Executive summary: even an old nuke can load follow but at the expense of both
efficiency and equipment lifetime.  Therefore it's cheaper just to base load
the nukes and let other sources load follow.  

By the way, gas turbines  and hydros aren't the only load following devices
that can respond rapidly.  Small coal-fired plants (100 to 300 MW range) can
load follow about as fast as a gas turbine or a Hydro Plant.  In fact, since
most gas turbines are now combined cycle (which means that the plant has both
a gas turbine and a steam system fired from the waste heat of the turbine)
their load following ability is somewhat limited by the steam plant.  I say
"somewhat"because the control system will vent turbine exhaust the atmosphere
rather than failing to follow the load signal.  Efficiency drops while that
he's being wasted but the demand is satisfied.

This is one reason why I've advocated smaller nuke plants.  A 100 to 300 MW
nuclear plant could load follow just as well as a similar sized fossil plant.
It is likely that a combination of very large plants and small load following
plants will be built in the future, once a licensing logjam is removed.  I see
that happening in the next 10 years.  The smaller plants will likely be shop
built and sent to the site as modules where they are assembled into the plant.
assembly may take only a few months.

It will obviously take some time for the market to develop and the factory
shops to be built to enable this technology, but it will happen.  Modular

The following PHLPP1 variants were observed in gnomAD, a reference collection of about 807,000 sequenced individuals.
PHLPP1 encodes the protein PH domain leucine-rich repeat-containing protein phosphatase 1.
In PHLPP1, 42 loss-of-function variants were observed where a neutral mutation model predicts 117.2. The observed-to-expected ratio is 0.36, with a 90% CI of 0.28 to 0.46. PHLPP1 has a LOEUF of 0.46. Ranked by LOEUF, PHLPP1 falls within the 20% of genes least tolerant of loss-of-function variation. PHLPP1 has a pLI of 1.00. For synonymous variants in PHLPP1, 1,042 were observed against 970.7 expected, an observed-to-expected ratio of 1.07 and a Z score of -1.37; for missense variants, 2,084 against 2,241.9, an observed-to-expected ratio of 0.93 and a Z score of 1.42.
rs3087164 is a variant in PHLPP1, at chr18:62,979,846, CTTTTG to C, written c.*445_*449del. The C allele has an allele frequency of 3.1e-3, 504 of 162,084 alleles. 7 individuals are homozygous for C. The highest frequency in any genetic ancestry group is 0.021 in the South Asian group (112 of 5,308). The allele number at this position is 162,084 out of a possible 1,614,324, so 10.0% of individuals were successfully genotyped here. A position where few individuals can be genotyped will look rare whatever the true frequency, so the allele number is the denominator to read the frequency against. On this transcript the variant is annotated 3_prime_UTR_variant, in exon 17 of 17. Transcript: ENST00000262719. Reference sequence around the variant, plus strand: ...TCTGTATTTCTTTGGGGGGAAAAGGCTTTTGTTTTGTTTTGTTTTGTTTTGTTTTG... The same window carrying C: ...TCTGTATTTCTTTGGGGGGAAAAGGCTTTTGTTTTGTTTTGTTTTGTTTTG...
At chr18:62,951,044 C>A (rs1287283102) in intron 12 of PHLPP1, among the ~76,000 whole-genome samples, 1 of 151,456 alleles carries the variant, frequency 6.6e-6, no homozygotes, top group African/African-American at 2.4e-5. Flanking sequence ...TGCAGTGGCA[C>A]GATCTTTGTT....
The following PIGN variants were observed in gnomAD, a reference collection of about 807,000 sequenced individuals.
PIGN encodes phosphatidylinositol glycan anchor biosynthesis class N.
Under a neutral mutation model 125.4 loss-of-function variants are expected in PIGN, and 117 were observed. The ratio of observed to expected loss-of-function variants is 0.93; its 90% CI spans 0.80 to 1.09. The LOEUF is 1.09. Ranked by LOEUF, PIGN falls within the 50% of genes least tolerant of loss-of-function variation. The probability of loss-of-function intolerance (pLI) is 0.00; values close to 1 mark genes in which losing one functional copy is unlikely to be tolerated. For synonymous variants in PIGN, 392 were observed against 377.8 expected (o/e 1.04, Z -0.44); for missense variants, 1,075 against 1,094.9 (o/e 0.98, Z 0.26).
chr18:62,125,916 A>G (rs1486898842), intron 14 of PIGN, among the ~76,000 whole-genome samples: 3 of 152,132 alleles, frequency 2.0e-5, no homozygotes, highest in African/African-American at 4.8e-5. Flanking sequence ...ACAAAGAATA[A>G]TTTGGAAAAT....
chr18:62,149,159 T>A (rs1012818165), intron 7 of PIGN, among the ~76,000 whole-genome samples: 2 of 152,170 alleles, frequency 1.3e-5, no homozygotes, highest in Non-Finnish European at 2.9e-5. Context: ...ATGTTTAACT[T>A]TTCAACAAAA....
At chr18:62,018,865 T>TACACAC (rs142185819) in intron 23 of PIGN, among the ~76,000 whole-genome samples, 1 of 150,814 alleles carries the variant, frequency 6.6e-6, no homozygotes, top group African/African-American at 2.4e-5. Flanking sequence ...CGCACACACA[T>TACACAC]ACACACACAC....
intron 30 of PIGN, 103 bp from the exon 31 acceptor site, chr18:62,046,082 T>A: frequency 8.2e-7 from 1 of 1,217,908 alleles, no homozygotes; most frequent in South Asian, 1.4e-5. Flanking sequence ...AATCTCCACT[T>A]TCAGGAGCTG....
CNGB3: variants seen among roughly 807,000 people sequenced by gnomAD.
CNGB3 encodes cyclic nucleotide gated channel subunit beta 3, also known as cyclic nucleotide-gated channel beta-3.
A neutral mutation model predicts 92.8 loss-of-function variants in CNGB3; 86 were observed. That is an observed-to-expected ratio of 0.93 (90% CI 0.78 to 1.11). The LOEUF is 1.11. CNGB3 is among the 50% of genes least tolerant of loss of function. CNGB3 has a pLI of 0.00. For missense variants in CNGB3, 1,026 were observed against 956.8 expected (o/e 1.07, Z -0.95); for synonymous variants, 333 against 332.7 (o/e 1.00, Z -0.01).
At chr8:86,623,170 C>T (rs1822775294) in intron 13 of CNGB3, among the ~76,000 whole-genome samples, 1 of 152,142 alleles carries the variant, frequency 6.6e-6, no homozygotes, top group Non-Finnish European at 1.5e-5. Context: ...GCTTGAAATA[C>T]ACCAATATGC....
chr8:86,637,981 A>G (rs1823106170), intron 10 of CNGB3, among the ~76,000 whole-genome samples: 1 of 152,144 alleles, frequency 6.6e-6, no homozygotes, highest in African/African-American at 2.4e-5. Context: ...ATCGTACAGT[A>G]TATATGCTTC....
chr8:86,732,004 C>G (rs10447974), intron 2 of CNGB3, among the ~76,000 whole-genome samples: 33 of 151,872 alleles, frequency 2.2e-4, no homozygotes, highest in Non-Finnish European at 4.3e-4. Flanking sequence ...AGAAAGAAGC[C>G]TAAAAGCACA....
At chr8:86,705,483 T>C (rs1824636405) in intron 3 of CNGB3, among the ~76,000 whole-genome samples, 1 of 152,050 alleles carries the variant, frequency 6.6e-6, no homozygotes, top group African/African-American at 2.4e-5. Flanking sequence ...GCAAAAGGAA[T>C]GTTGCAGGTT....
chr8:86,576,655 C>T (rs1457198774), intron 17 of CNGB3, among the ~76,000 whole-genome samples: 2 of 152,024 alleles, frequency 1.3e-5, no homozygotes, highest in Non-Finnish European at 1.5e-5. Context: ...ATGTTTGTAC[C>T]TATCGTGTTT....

nuclear plants are a major topic of discussion within the industry and the
trade press right now.

true.  It's probable that battery/inverter technology will soon come into the
load follow repertoire.  As I mentioned in another post, sodium sulfur
batteries are now being pilot tested in several utilities.  Though terribly
expensive at this point, they're still probably no more expensive than a
combined cycle gas turbine and will surely come down in cost as production
ramps up.  There's no real high technology involved in this kind of battery
like there is in lithium batteries so ramping up production will simply
involve building bigger production lines.

It is an interesting time for the utility business, both in the real world and
in the Chinese proverb way of interesting.


John De Armond
See my website for my current email address
http://www.johndearmond.com  <-- best little blog on the net!
Tellico Plains, Occupied TN